The good news is that President Trump wants to boost economic growth, which is a laudable goal after the economy’s sub-par performance during the Obama years.
In a column earlier this month for the Wall Street Journal, Robert Zoellick warns about the likely consequences.
"The Trump administration has stacked up a pile of trade cases that will come tumbling down early in 2018. More important than any specific case is the signal of a strategy of economic defeatism. […] Mr. Trump’s tactic will likely trigger retaliation from other countries. […] 'safeguards' to block imports of solar panels and washing machines […] doesn’t even require a claim of unfairness. […] these amount to an overture to the big show: likely withdrawal from the North American Free Trade Agreement, the U.S.-Korea Free Trade Agreement or both. […] The president […] relies on the support of economic isolationists who find it easier to blame others than to make America more competitive. Killing Nafta would fit the bill.
Charles Hughes addresses the same topic for Economics 21 and specifically explains that the net effect of trade barriers on solar panels will be to destroy jobs.
"President Trump approved new tariffs on solar imports […] Manufacturing of solar panels is only one component of the solar industry, which employs between 260,000 and 374,000 workers. Out of this group, only 38,000 work in manufacturing. Even this oversells the number of people whose work would be insulated from competition from imports, as Solar Energy Industries Association estimates that only 2,000 of these solar manufacturing workers make the products covered by the tariffs. Significantly more people work in installation. Their jobs would be at risk from higher solar panel prices that would reduce demand for installations, with one estimate that the tariffs would cost 23,000 U.S. jobs in the first year."
These numbers are not a surprise. There have been many studies looking at the impact of protectionism and lost jobs are the usual result, both because trade barriers create inefficiencies, reduce consumer buying power, and increase input prices.
As is so often the case, it’s a question of the seen versus the unseen.
But don’t take my word for it. Here’s President Reagan talking about trade shortly before he left office (h/t: Cafe Hayek).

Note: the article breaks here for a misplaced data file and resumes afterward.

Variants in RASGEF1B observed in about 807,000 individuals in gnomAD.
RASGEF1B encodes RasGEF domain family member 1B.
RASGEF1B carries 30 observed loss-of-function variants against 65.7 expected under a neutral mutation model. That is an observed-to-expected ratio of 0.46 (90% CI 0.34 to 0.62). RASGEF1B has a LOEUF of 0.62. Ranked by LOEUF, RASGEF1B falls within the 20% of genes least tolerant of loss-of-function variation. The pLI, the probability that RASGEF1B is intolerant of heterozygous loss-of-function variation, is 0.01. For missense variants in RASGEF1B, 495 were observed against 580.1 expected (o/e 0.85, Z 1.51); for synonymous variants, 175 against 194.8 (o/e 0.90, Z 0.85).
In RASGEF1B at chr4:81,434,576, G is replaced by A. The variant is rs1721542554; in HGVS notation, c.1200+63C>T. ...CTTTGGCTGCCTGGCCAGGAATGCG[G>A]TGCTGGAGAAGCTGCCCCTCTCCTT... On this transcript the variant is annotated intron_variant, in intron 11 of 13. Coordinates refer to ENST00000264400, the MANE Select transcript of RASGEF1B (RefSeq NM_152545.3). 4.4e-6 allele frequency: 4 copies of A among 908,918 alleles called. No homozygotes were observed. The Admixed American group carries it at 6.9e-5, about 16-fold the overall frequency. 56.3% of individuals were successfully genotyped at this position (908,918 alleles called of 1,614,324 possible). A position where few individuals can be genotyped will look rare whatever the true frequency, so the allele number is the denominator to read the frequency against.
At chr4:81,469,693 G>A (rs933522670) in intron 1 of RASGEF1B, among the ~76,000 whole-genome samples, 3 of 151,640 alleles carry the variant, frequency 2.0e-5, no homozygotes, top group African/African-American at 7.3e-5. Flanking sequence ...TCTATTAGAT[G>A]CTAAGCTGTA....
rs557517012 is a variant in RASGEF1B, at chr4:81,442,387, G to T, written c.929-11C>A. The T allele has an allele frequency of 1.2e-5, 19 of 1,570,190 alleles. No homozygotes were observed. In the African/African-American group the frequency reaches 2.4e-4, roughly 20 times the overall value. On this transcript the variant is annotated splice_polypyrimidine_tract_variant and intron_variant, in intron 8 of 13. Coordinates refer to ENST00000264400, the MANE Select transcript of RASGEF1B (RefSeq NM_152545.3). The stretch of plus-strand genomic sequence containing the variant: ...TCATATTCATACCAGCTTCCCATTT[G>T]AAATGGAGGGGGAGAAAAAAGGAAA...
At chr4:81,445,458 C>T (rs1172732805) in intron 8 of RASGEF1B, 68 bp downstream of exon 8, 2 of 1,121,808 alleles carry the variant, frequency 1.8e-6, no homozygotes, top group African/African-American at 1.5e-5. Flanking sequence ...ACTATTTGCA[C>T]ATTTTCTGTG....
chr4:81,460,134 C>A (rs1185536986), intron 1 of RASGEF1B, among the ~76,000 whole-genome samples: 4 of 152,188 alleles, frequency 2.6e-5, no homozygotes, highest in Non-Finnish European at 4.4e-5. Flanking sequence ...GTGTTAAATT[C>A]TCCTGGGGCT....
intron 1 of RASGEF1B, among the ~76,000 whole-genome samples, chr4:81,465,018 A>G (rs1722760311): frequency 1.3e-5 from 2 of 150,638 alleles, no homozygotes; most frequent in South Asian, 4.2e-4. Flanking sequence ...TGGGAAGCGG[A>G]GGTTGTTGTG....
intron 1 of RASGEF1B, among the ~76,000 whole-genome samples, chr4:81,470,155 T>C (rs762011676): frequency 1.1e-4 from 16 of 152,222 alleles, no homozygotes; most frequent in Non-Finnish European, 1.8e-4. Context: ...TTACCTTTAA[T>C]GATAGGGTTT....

By the way, some people try to justify Trump’s protectionism by citing some protectionist policies during the Reagan years.
As explained by Colin Grabow and Scott Lincicome in National Review, that is historical revisionism.
"Trumpist efforts to save U.S. jobs through higher tariffs, bilateral trade deals, and lower trade deficits can find no 'conservative' justification in Reagan-era trade actions. In fact, it’s just the opposite. The Reagan administration did indeed pursue unilateral import restrictions and foreign-trade 'enforcement' actions, but history shows that — unlike protectionist policies proposed by Trump — such moves were intended to liberalize trade […] Reagan also often sought to educate his fellow Americans on the U.S. trade balance, even extemporaneously (and correctly) explaining at a 1985 press conference that trade deficits often correlate with job growth and economic vitality. […] Reagan negotiated and concluded the 1988 Canada–United States Free Trade Agreement — the basis for the North American Free Trade Agreement (NAFTA). […] Reagan administration negotiators also helped launch the Uruguay Round under the General Agreement on Tariffs and Trade (GATT), which would in 1994 strike the single biggest blow for free trade in the last 70 years by establishing the World Trade Organization (WTO)."
Amen. I may have to revise my assessment of Reaganomics and give the Gipper an even better grade.
So what would it mean if Trump’s protectionist push led to similar statist policies by other nations?
A World Bank study gives us an idea of the potential implications.
"This paper quantifies the wide-ranging costs of potential increases in worldwide barriers to trade […] a coordinated global withdrawal […] from all existing bilateral/regional trade agreements, as well as from unilateral preferential schemes coupled with an increase in the cost of traded services, is estimated to result in annual worldwide real income losses of 0.3 percent or US$211 billion relative to the baseline after three years. […] Highlighting the importance of preferences, the impact on global trade is estimated to be more pronounced, with an annual decline of 2.1 percent or more than US$606 billion relative to the baseline if these barriers stay in place for three years. Second, a worldwide increase in tariffs up to legally allowed bound rates coupled with an increase in the cost of traded services would translate into annual global real income losses of 0.8 percent or more than US$634 billion relative to the baseline after three years. The distortion to the global trading system would be significant and result in an annual decline of global trade of 9 percent or more than US$2.6 trillion relative to the baseline in 2020."
I wonder if those numbers underestimate the threat given how tit-for-tax protectionism caused much greater levels of damage during the 1930s.
Anyhow, let’s conclude with a very effective (and concise) video from Matt Ridley on the principle of comparative advantage. It’s about trade between two people, but the same principle applies to trade between nations. Simply stated, trade allows for specialization, which enables higher productivity (and therefore higher wages and living standards).
P.P.S. I also encourage people to read Walter Williams on this topic.